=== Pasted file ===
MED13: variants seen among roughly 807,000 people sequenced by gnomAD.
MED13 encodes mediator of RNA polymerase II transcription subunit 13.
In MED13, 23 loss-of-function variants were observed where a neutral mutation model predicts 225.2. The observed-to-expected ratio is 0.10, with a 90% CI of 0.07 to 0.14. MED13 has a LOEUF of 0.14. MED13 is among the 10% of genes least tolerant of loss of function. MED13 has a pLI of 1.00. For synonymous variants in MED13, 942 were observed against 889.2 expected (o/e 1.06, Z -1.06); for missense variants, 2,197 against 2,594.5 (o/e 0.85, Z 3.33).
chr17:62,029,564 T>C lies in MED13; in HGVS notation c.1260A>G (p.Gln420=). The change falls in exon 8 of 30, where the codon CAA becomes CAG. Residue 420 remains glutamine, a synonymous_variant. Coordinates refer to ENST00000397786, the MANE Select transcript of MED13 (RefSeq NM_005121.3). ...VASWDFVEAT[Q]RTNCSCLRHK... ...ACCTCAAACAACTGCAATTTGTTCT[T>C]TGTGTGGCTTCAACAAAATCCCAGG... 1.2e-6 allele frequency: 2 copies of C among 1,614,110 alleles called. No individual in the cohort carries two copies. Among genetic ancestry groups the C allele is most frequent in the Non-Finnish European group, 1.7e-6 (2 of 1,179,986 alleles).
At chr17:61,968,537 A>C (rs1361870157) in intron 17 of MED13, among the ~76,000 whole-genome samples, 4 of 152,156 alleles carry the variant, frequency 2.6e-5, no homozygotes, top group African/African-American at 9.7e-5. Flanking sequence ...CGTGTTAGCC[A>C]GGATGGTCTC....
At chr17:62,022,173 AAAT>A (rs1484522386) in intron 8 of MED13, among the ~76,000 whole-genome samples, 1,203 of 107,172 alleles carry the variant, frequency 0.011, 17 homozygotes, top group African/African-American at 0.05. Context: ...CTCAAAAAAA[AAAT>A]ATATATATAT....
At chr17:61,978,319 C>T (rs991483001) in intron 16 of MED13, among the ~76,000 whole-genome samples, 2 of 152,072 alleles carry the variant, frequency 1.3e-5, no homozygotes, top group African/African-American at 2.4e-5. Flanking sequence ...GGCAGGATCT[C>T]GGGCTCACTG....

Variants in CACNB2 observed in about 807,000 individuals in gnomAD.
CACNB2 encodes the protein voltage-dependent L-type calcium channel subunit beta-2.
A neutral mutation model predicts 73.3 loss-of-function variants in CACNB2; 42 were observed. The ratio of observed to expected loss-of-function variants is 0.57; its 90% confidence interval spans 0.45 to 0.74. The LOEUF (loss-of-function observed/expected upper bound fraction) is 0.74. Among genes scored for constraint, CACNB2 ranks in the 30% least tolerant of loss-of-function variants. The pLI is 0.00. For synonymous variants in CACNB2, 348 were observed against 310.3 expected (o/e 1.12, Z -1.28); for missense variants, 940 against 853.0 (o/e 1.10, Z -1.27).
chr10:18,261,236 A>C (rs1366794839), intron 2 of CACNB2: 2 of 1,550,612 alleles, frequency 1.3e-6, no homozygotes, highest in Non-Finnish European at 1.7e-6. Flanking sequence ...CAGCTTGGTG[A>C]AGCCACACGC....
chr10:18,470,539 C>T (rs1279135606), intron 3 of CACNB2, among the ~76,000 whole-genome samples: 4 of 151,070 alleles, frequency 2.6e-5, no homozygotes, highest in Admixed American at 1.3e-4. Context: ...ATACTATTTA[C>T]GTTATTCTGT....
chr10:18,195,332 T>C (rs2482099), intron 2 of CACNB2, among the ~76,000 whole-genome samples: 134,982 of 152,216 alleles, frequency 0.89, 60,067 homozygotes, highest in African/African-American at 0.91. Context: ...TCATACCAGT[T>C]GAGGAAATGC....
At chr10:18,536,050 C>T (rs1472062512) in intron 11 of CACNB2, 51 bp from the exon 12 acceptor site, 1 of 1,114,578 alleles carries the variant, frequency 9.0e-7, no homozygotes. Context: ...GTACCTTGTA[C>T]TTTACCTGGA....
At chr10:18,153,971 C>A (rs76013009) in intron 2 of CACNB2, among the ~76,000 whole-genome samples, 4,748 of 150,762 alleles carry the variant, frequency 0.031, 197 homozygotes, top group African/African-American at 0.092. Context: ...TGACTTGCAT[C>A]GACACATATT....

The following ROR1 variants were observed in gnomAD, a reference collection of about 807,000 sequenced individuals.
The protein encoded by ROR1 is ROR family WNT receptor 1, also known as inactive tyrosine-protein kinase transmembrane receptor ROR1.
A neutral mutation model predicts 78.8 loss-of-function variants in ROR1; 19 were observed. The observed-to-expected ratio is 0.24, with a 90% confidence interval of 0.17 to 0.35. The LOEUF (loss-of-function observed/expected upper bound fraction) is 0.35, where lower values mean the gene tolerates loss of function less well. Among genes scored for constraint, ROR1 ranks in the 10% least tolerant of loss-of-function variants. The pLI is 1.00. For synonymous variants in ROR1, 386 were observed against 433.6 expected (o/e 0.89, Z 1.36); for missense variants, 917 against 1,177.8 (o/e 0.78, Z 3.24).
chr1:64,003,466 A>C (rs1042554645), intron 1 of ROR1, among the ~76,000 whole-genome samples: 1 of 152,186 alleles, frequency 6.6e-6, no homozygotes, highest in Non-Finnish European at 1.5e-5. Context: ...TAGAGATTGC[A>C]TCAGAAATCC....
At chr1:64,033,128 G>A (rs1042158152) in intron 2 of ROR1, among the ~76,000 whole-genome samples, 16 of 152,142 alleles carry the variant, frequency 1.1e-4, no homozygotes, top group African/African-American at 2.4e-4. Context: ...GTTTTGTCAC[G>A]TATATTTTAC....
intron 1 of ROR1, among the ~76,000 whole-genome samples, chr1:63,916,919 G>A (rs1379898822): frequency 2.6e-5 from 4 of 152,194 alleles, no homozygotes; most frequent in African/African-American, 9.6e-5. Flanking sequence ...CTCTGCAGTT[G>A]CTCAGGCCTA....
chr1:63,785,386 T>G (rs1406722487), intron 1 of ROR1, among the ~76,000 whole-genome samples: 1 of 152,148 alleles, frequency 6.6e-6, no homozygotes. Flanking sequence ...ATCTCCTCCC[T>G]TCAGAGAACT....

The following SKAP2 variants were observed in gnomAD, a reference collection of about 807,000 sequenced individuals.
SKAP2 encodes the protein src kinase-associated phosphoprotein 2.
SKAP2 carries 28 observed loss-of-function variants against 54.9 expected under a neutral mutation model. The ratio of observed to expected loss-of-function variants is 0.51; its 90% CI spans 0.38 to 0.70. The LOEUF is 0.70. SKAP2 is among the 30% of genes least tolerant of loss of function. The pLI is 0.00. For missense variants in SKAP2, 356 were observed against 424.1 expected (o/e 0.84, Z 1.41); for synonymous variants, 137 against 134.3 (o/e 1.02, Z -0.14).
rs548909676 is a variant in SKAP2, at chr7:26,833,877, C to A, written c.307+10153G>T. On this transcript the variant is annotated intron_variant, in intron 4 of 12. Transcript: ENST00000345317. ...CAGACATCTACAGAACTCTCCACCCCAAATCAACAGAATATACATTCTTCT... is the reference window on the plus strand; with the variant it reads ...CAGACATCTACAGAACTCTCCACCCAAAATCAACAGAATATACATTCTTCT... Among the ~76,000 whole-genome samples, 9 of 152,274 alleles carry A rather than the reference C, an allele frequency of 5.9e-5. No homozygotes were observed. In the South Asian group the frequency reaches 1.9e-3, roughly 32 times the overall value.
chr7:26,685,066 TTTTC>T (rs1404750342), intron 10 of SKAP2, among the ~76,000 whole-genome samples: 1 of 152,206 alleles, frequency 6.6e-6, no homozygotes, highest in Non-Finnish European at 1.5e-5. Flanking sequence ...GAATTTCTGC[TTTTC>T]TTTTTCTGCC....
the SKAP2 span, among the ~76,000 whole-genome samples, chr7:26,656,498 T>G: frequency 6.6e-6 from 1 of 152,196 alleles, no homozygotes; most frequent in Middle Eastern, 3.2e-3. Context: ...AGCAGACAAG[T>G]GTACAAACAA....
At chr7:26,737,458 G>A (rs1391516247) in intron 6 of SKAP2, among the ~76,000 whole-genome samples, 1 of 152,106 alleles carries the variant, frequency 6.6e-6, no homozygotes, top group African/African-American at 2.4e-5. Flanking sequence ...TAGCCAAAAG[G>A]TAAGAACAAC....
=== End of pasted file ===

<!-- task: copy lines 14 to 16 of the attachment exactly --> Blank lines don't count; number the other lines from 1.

At chr10:18,536,050 C>T (rs1472062512) in intron 11 of CACNB2, 51 bp from the exon 12 acceptor site, 1 of 1,114,578 alleles carries the variant, frequency 9.0e-7, no homozygotes. Context: ...GTACCTTGTA[C>T]TTTACCTGGA....
At chr10:18,153,971 C>A (rs76013009) in intron 2 of CACNB2, among the ~76,000 whole-genome samples, 4,748 of 150,762 alleles carry the variant, frequency 0.031, 197 homozygotes, top group African/African-American at 0.092. Context: ...TGACTTGCAT[C>A]GACACATATT....

The following ROR1 variants were observed in gnomAD, a reference collection of about 807,000 sequenced individuals.